|Cargill’s Narrabri Crush Plant Opens its Doors: Wednesday 13 August|
|Insights into oilseed crushing, quality considerations, national and
international market trends and the supply chain will be discussed when
the Cargill Narrabri Crush Plant opens its doors on Wednesday 13 August.
The Australian Sunflower Association and
Australian Oilseeds Federation, supported by the Grains Research and
Development Corporation (GRDC) are hosting the morning so that growers
and advisers can see the oilseed crush in action.
Plant Manager Michael Kilpatrick, Plant
Manager will showcase the operating plant explaining the process and
crush and refined products. Nick Goddard, Executive Director, AOF, will
provide an overview of the Australian oilseed supply chain. National
and international markets, and retail and end-consumer trends will be
the subject of a presentation by Lachlan Herbert, Senior Crush &
Oilseeds Trading Manager, Cargill, Melbourne. There will be plenty of
discussion around how impacts of on-farm practices including storage are
related to the crush process and end-consumer.
The Tour will start at 8.30am with registration and breakfast and conclude by 11.30am. While the Tour is offered free of charge, those wishing to attend MUST REGISTER. Note that numbers are limited and the ASA are unable to take visitors on tour who arrive without prior registration. Note that Cargill is unable to allow crush competitors to tour the facility, and reserves the right to refuse admittance.
Growers and advisers wishing to register can contact Better Sunflower Coordinator Liz Alexander on firstname.lastname@example.org or 0429 471 511 by Friday 8 August.
Still time to register online for the Moree one day Better Sunflower Workshop 12 August 2014
A limited number of spots are still available for growers, agronomists and advisers who would like to attend the only Better Sunflower workshop being run in 2014 at Moree 12 August..
The Better Sunflower one-day certified agronomic workshops include a mix of theory, practical demonstrations and hands-on activities. All participants attending the workshop receive The Big Yellow Sunflower Pack, a comprehensive folder containing the latest research on sunflower production in Australia. The courses are tailored to local conditions, and include topics covering marketing, agronomy, and management techniques for weeds, diseases, insects, harvest and safe storage.
Course cost is $135 per person including all course materials and meals, excludes accommodation. Register online at www.bettersunflowers.com.au
Contact Liz Alexander, Better Sunflowers Coordinator on 0429 471 511 or email@example.com
The Better Sunflowers workshop is presented by the Australian Sunflower Association and delivered as part of the Broadleaf Cropping Alliance, a Grains Research Development Corporation funded joint initiative between the Australian Oilseeds Federation and Pulse Australia.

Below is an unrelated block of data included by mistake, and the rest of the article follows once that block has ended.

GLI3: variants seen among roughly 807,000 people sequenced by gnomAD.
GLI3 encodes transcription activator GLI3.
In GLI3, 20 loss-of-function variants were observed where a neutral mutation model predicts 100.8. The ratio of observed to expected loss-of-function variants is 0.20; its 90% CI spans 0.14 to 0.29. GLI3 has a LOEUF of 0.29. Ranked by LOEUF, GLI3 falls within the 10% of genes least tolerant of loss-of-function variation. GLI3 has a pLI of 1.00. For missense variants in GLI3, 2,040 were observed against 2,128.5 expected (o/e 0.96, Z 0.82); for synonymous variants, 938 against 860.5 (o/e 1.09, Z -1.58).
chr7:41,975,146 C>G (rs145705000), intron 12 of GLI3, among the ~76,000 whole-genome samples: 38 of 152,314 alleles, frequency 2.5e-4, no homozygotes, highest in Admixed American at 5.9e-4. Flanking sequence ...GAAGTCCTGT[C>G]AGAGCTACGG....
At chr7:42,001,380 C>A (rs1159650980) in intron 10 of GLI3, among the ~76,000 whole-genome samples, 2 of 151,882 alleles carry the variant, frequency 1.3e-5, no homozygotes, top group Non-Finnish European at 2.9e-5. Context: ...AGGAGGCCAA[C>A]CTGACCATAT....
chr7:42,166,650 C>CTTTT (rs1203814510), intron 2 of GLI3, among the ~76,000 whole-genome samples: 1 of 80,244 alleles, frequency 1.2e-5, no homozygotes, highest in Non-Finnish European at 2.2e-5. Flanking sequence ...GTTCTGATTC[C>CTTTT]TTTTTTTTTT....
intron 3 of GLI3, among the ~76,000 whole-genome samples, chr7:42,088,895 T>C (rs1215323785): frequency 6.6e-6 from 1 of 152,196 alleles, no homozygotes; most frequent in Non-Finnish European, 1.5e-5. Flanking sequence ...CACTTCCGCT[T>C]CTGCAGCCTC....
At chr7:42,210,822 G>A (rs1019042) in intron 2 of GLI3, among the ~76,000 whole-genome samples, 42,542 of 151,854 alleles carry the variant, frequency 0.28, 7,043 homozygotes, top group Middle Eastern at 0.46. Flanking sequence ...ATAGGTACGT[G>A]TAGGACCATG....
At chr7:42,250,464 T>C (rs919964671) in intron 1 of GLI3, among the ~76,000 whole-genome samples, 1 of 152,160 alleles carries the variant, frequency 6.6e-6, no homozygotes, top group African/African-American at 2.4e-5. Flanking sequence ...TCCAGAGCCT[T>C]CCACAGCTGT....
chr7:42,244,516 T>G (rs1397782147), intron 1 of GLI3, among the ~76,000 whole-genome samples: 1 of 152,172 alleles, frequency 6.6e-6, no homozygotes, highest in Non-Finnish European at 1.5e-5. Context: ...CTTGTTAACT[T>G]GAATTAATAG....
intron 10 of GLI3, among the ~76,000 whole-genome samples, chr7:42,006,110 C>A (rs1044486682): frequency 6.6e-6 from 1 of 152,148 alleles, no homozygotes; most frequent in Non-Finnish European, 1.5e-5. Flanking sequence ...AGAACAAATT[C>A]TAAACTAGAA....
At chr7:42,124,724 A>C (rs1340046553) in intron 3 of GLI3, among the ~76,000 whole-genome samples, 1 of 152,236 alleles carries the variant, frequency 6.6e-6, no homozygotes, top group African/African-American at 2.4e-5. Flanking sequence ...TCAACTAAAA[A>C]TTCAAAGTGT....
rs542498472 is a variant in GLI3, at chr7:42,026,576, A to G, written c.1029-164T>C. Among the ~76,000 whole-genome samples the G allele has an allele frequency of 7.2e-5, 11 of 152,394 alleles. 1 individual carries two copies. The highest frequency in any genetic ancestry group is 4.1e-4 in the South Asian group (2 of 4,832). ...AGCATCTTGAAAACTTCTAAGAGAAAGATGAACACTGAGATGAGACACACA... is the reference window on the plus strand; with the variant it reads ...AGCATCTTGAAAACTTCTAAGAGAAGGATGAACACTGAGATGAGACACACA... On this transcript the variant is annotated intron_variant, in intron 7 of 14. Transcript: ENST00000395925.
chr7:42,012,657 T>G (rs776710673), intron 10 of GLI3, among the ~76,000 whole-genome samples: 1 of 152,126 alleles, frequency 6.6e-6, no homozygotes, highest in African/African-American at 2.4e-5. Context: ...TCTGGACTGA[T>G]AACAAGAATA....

Record smashed at UQ Sunflower Weigh-In
Contact Karli Kollegger, Univeristy of Queensland, phone 07 5460 1279, or firstname.lastname@example.org
ASA Committee members Sue Thompson (DAFF Qld)
Chris Haire (NuSeed) joined students from 77 high schools on the day
|It was a bloomin’ record-breaking year for the University of Queensland’s annual sunflower competition held in May.
entrants Mueller College used a mix of manure and bananas to produce a
sunflower that weighed in at a whopping 4.455kg – the heaviest sunflower
in the competition’s 15-year history.
Mueller College, in the Moreton Bay region, broke the 2013 record of 3.82kg held by Toowoomba’s Downlands College
School students use scientific principles in an attempt to grow the
heaviest sunflower in 12 weeks before the appointed weigh-in day at UQ’s
Head of Mueller College Paul Valese said the
students were surprised they had broken the record with their first
entry. He said their recipe for success included frozen bananas at the
bottom of each pot plant.
Mr Valese also praised the school’s
science staff, who used the competition as a practical way for students
to apply their scientific knowledge. “The bar has definitely been set
very high and next year's entrants from the college will need to start
researching how they can improve on these results,” he said.
Students from Mueller College, Moreton Bay, winners of
the Heaviest Sunflower
UQ’s School of Agriculture and Food Sciences Plant Pathologist Associate
Professor Vic Galea said he was impressed with the calibre of entries
from the schools.
“Many students adopted various methods
including different potting mixes, soil, fertilizers and light regimes
all experimenting to ensure they could grow the heaviest sunflower,” he
More than 2500 students from 77 schools took part in this
year’s competition, challenging the future generation of
agriculturalists to explore the scientific principles behind
horticulture and agronomy.
The competition also includes a poster
and reflective journal component, which is assessed by judges so
schools that can’t attend the weigh-in day still have the chance to be
involved. Winning entries in this category are submitted to the
Queensland Science Contest.
The UQ Sunflower Competition is hosted by the School of Agriculture and
Food Sciences and sponsored by Dow AgroSciences, The Australian
Sunflower Association, AgriFood Skills Australia, Pacific Seeds, AgForce
and supported by the Queensland Agriculture Teachers' Association.
Changes to Sunflower Receival Standards
The coming season (2014/15) will see a number of changes to the receival standards for poly, mono and birdseed sunflowers.
The oilseed trading standards are administered by the Australian Oilseeds Federation (AOF). The Standards are reviewed annually after each harvest, through a consultation process with AOF members, and the final, industry-agreed Standards are published on August 1 each year for the coming harvest.
In 2014 the AOF has undertaken an extensive review of all oilseed trading standards to ensure improved clarity and understanding of the terms used, while also aligning the terminology and quality criteria with cereals where applicable (e.g. description of weed seeds).